When she published her first book How to Raise a Spiritual Child, at 78, probably some thought she had fulfilled the ambition of her life in getting published. They were wrong. Now 80, Queen Caroline Gondwe has done it again. Her second book—Savouring the Moment, ‘The Life Story of Queen Caroline Gondwe’—is her autobiography in which she counts her blessings.
The 320-pager, with 30 chapters, lighted up with pictorial illustrations, is her candid attempt to zoom into her illustrious, miraculous, grace and mercy-filled life. The grandmother of 22 children and great grandmother of one, narrates and relives the past with nostalgia, musing over how as a primary school teacher rose through the ranks to become a Cabinet minister during the Kamuzu Banda era.
A few hair-raising life experiences inform Queen Gondwe’s strong belief that divine intervention is the only reason she is still around today. The events are the defining moments in her life which she narrates with detail, vibrancy and yet also with anxiety.
In this book, Gondwe initiates a conversation on some outdated and harmful cultural practices. But she is not despondently dismissive of some of them. One such cultural practice is about the circumstances that surrounded her birth dramatised in the book’s Foreword:
“On her entry into this world, a village jury declared her persona non-grata. In their cultural wisdom, she did not cross the border in the accepted way. And there was one verdict for that—swiftly get rid of her. Seventy-eight years later, as she wrote the last chapter of her latest book, Gondwe is still all praises for her late mum, who she says defied all odds and stood firm against a retrogressive cultural practice.
“I will keep my baby. She is my precious gift from God,” her mum, AnyaNgwira told off the powerful village birth attendants who wanted the baby disposed of.”
She subtly questions some of their relevance today, but leaves it to the reader to make his or her own judgement. While feebly suggesting what to preserve, because there is wisdom in some of the cultural beliefs and practices, Gondwe is nevertheless emphatic about what to leave out. “At all costs, the good in them should be preserved, but we are not chained to the past,” she says.
At age five, while staying with her aunt at Chiguliro Village in Rumphi, Queen is struck by a debilitating cough. Little is known about the disease but it is highly symptomatic of whooping cough. But when her father in Zambia is informed about it, he abandons everything and catches the next bus back home. He takes his little daughter to Zambia where he worked as a public servant. At 14, on a picnic during a social outing with two schoolmates Queen has a close shave with a giant puff adder in a lush, overgrown suburb neighbourhood.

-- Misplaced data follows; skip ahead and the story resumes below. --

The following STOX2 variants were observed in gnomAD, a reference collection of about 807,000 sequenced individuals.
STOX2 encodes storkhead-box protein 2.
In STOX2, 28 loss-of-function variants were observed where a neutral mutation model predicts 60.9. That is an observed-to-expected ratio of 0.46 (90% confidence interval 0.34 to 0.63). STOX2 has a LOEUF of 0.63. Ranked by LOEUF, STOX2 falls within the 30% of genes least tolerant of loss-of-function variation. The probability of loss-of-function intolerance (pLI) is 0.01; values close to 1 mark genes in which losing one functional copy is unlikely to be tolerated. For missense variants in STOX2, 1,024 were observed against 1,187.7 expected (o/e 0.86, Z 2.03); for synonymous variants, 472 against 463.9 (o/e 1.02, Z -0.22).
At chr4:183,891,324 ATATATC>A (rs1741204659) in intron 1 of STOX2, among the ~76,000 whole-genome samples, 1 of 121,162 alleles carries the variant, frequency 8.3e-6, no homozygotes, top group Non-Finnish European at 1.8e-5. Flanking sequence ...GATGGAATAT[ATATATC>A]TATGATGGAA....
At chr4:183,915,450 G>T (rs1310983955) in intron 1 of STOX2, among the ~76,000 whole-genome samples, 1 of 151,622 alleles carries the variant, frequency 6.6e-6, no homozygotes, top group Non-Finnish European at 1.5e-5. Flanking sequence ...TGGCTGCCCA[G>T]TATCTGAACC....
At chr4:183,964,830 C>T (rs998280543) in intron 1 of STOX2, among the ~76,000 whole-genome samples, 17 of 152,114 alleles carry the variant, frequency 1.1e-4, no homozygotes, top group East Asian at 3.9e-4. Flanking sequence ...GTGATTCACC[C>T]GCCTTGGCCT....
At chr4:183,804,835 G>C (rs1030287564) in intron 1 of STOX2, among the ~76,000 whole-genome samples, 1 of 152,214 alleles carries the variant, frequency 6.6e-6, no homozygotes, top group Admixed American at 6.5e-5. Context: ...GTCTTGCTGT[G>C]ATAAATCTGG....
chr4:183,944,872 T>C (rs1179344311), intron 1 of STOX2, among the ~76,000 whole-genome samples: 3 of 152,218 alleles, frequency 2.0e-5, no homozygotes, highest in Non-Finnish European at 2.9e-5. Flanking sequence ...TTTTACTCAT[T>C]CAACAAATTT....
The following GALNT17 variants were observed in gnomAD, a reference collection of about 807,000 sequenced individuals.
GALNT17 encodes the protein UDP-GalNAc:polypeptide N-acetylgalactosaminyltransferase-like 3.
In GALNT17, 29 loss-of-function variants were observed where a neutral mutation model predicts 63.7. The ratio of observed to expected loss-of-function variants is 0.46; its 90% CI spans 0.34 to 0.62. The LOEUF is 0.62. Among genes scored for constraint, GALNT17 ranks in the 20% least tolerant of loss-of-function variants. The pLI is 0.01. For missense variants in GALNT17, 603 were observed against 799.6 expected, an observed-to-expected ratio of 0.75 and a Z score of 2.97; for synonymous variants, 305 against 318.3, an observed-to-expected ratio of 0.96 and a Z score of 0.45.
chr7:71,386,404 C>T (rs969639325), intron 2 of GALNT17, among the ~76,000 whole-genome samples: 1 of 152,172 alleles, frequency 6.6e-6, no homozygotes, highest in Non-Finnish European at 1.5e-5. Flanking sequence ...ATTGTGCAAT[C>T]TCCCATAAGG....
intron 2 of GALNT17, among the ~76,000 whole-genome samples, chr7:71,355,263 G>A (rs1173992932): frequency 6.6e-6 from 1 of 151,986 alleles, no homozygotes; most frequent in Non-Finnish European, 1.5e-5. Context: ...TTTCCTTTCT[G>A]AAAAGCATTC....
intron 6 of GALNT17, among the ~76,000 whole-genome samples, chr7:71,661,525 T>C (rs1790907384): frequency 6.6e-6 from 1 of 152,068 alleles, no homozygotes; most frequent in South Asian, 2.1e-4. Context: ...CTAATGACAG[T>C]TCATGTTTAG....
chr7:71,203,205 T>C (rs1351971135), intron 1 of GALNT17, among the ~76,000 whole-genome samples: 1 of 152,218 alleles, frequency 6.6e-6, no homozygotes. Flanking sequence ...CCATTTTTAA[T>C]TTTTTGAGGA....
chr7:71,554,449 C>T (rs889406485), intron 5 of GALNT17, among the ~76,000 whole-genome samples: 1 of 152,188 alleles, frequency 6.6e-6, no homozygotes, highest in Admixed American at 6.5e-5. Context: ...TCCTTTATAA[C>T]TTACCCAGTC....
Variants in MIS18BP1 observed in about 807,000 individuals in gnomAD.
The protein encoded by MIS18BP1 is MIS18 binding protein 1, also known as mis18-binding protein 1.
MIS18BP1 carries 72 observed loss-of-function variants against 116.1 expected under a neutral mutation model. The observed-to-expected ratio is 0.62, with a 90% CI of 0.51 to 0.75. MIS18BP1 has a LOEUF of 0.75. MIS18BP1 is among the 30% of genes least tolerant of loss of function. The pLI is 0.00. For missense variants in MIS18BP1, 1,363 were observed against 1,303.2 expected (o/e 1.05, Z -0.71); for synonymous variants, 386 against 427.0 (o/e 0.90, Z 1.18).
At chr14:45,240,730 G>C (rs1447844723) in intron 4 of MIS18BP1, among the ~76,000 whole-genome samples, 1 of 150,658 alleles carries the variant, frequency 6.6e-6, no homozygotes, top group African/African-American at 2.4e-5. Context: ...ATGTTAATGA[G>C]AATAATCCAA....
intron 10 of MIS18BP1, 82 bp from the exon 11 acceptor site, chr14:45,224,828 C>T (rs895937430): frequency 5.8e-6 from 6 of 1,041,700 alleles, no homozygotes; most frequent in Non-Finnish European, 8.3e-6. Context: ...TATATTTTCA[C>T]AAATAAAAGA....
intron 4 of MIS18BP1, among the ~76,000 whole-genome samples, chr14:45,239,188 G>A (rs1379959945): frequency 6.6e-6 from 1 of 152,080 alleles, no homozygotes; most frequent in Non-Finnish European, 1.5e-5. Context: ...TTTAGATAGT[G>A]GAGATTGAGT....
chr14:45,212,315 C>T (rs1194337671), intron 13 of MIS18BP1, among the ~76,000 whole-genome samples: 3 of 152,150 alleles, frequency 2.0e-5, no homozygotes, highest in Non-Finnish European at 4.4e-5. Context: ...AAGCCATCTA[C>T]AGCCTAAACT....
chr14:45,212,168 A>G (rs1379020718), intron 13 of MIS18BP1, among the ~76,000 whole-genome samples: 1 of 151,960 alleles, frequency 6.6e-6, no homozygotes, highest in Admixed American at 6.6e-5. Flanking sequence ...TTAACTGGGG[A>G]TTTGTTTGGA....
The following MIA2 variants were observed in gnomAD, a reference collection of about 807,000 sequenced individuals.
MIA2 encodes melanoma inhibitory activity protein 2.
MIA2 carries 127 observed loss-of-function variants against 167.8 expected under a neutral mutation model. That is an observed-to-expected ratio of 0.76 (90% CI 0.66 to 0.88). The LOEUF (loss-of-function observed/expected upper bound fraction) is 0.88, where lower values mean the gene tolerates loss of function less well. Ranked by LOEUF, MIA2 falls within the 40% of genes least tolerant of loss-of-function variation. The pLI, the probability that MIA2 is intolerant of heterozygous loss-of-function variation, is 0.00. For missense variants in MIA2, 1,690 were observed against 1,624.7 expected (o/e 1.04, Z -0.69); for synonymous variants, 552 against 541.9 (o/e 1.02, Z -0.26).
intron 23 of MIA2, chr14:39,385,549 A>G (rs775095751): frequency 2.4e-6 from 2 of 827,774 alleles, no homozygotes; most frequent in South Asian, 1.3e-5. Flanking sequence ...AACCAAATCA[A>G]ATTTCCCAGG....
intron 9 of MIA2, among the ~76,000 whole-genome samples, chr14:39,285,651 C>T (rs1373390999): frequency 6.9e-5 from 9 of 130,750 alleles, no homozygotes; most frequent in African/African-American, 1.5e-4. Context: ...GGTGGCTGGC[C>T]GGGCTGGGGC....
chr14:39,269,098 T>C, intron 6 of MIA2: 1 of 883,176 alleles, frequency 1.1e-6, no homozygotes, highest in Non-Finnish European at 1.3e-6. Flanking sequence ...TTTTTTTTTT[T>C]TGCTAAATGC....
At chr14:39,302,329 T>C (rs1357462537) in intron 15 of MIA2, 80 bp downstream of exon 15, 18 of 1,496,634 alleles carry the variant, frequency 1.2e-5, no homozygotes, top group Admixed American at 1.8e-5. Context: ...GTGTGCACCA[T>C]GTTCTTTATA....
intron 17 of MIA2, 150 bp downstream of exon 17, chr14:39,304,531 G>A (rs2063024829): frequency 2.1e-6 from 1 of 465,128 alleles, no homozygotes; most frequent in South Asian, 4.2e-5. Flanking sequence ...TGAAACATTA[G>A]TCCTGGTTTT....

About a decade later, on a journey to Rumphi, she, her three children and her father-in-law, escape with minor injuries from what could have been a fatal road accident. Her father-in-law’s vehicle, in which they were travelling in, overturned several times on a hilly terrain just after crossing Rukuru River in Mzimba South, before resting on a small shrub. How was this possible?
For Gondwe, to not believe her life is a miracle and to not thank the Almighty God for all these miracles, would be the height of ingratitude to her Creator. Each one of these experiences comes with a revelation to her and further emboldens her belief in God’s abundant grace and providence. Life in general and, especially for her, is a miracle.
Born Queen Caroline Chirambo, the daughter of Rodger Muleza Chikontha Chirambo and Florence Khanyiwe Ngwira-Chirambo, there can be no doubt that she has a monumental life story. It must be told. From the village girl born in a small grass-thatched mud house at Lomborwe Village in Bolero, Rumphi, to a Cabinet minister under Malawi’s first post-colonial president Dr Hastings Kamuzu Banda, the former Chitukuko Cha Amayi M’malawi (CCAM) Regional Chairperson for the North and close acquaintance of Mama Cecilia Tamanda Kadzamira, has both a tearful and celebrative story. Her meteoric rise from a primary school teacher to a Cabinet minister is a rare feat that only happens to one out of several thousands of teachers. To think about how many ‘Cabinet ministers’ the village jury might have dispatched to an early grave, is scary.
Queen Gondwe’s life journey has been swinging between Malawi—where she was born and spent her first six years—and Zambia where she mostly grew up and attended all her primary, secondary school and tertiary education. But after she accepts a hand in marriage with Geoffrey Rowani Chimbirima Gondwe (may his soul continue to rest in eternal peace), she spends all her working life in Malawi.
Queen Gondwe’s life journey is a departure from the traditional route that many Malawians take in their quest for a better life. While many Malawians seek greener pastures across the border, like her father did, after attending school and qualifying as a primary school teacher in Zambia, Queen returns home. She spends all her working life in Malawi. The Mount Pleasant CCAP Women’s Guild member quips about this: “I have no regrets for this, because it is what God destined for me”.
Queen Gondwe’s seeming dual nationalities, as well as her back-and-forth movements between Malawi and Zambia, could be the reason she volunteers a rich genealogy of her clan both from the maternal and paternal sides. The genealogy is also a good attempt to trace her roots given that her siblings, first cousins and their children—both alive and sleeping—are scattered between the two countries. The genealogy is also a ‘bible’ for Queen Gondwe’s younger relations to know one another and where they come from.